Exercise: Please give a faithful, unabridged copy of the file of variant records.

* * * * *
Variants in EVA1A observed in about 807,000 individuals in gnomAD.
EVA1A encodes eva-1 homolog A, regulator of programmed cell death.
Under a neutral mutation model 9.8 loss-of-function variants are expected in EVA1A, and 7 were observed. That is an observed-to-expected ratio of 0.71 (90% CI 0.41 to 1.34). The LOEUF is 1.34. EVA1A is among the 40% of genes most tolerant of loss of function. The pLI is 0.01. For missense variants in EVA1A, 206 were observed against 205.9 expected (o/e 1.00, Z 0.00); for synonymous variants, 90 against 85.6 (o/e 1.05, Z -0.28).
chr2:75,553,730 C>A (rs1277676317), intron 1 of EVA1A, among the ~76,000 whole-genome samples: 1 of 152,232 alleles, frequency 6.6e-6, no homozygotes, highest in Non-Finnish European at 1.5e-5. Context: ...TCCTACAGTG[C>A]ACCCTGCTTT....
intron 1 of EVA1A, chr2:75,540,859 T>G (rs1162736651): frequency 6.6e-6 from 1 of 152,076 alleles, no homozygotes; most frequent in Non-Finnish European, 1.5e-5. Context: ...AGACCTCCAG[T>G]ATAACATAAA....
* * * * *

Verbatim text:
Variants in EVA1A observed in about 807,000 individuals in gnomAD.
EVA1A encodes eva-1 homolog A, regulator of programmed cell death.
Under a neutral mutation model 9.8 loss-of-function variants are expected in EVA1A, and 7 were observed. That is an observed-to-expected ratio of 0.71 (90% CI 0.41 to 1.34). The LOEUF is 1.34. EVA1A is among the 40% of genes most tolerant of loss of function. The pLI is 0.01. For missense variants in EVA1A, 206 were observed against 205.9 expected (o/e 1.00, Z 0.00); for synonymous variants, 90 against 85.6 (o/e 1.05, Z -0.28).
chr2:75,553,730 C>A (rs1277676317), intron 1 of EVA1A, among the ~76,000 whole-genome samples: 1 of 152,232 alleles, frequency 6.6e-6, no homozygotes, highest in Non-Finnish European at 1.5e-5. Context: ...TCCTACAGTG[C>A]ACCCTGCTTT....
intron 1 of EVA1A, chr2:75,540,859 T>G (rs1162736651): frequency 6.6e-6 from 1 of 152,076 alleles, no homozygotes; most frequent in Non-Finnish European, 1.5e-5. Context: ...AGACCTCCAG[T>G]ATAACATAAA....